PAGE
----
Commissioner’s Animal Treatment Record Transferred to Precinct 3 Court

Visiting Justice of the Peace Treg Hudson of Mason County recently approved a change of venue to hear several complaints of alleged cruel animal treatment against Burnet County Precinct 3 Commissioner Billy Wall.

Hudson arrived in Burnet after Justice of the Peace 2 Lisa Whitehead signed a warrant to seize “cruelly treated animals,” which resulted in the removal of several cattle from property controlled by Wall.

More than 20 people watched the brief Sept. 16 hearing in the first-floor courtroom of the Burnet County Courthouse, when Judge Hudson granted a motion to move the case out of the town of Burnet and from Precinct 2 Court to Precinct 3 Court in Marble Falls. . The decision satisfied opposing attorneys, including Burnet’s attorney Eddie Shell, Wall’s representative, and Carson Walker, assistant.


“Most of the cattle I saw were underweight and some ribs and hip bones could be seen.”

– Jason Jewett Livestock Assistant County Attorney Pro Tem.

Before Hudson decided, he allowed Shell and Walker to approach the bench. Their discussion could be heard throughout the courtroom.

Shell pointed out to the judge that Texas law states that “an action in a court of law must be brought in the county and precincts in which the defendant resides.”

Wall lives in Ward 3, not Ward 2, Shell told Hudson.

“So you have the law on your side? Hudson asked Shell.

“Oh, yes,” Shell replied.

Then Hudson ordered the location transferred. As such, the case will be brought before Justice of the Peace Precinct 3 Jane Marie Hurst Court in Marble Falls at the South Annex, 810 Steve Hawkins Parkway.

“This is (precinct 3) the proper court,” Shell told the Bulletin.

No date was immediately set for the Precinct 3 hearing. The case began last month when Burnet County Livestock Deputy Jason Jewett began investigating complaints regarding cattle “unreasonably deprived of necessary food and care” on or near several acres allegedly managed by Wall in Burnet County at CR 336 and CR 337. “I observed approximately 12 cattle that could be seen from the road,” according to an affidavit from Jewett. “Most of the cattle I saw were underweight and some ribs and hip bones could be seen. Three of the cattle I observed had a very low weight and you could see most of the hips, spine and ribs Jewett discussed the complaints and his observations with Wall.

“He (Wall) agreed that he had cattle that were getting too thin, and he explained that he fed them hay,” Jewett recalled in the affidavit. “He had been feeding them around 200 round bales over the winter, but the drought conditions were making it worse, with no grass or hay produced.”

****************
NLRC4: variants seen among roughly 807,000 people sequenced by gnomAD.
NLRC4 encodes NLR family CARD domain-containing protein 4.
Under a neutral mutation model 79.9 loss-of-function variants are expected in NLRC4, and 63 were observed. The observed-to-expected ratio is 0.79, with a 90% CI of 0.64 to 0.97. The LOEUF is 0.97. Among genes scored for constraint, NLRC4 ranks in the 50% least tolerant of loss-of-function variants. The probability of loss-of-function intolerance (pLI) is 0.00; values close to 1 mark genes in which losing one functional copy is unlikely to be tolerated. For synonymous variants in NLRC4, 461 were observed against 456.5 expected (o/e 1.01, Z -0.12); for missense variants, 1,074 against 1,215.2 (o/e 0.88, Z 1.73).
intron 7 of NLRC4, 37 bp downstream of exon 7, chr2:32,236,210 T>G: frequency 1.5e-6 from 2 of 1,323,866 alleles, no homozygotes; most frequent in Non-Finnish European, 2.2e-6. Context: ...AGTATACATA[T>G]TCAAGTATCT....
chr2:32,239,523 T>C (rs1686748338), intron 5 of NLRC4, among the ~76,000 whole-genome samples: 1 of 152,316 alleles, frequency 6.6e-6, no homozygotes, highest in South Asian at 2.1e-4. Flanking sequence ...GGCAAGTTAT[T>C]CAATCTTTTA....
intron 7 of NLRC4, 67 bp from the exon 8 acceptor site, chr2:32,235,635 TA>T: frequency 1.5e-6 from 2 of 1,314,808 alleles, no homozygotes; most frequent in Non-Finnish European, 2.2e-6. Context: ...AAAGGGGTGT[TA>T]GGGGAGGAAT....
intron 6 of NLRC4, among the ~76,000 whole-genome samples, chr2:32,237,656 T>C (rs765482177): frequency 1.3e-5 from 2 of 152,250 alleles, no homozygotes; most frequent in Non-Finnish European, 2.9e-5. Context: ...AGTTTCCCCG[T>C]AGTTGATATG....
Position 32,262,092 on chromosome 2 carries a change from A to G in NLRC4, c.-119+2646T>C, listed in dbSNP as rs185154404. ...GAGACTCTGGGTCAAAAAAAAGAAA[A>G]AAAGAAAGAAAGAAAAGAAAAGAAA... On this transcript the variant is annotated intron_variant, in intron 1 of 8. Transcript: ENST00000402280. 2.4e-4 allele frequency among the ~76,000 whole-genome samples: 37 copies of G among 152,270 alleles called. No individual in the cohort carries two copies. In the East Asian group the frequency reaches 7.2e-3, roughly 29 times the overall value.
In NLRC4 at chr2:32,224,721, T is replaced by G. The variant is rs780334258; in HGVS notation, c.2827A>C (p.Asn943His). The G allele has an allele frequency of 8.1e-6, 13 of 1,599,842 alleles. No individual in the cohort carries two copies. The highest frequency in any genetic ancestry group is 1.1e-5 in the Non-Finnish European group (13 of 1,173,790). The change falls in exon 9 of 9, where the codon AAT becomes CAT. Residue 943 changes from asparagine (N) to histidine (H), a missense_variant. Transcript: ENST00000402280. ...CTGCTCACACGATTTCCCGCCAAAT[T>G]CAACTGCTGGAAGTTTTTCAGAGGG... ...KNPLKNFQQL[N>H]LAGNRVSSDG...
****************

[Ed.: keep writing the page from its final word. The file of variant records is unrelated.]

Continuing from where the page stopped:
According to his affidavit, Jewett informed Wall that the time had come to “feed or sell” some of his livestock.

Later, through Sheriff Calvin Boyd, Jewett saw the image of a dead cow in a photograph submitted by an anonymous person. During his rounds, Jewett found the animal dead in a pond.

“The pond was on the corner of Massy Lane and CR 336,” Jewett recalled. “It’s the back part in the northeast corner.”

In addition, Jewett took his own photographs of cattle that would belong to Wall at CR 336, CR 337 (both in Compound 3) and others of his cattle that would belong to him at the 6000 block of West FM 243 ( enclosure 2).

“I didn’t enter the property,” Jewett said. “I only photographed the animals from my truck and public driveways.”

Several of the cattle he photographed looked very skinny, he added.

Jewett sent his photographs to Dr. Joe Paschal at Texas A&M University for evaluation. “I realize your county has had a severe drought, but an attempt should have been made to support these cattle,” Paschal told Jewett. Jewett asked for a warrant to seize the cattle. Judge Whitehead authorized the seizure warrant on September 7. The following day, several cattle were seized at Wall and transported to the Burnet County Fairgrounds.

A day later, County Attorney Eddie Arredondo filed a recusal for himself and his entire department in the Wall case.

Currently, Arredondo is representing all Burnet County commissioners (including Wall) in a nationwide lawsuit involving an election machinery dispute.

As such, there is “a real conflict of interest,” Arredondo explained.

Arredondo enlisted the help of Williamson County Attorney Doyle “Dee” Hobbs, and Hobbs appointed Walker to represent the State of Texas and Burnet County in the Wall case.

Boyd S. Abbott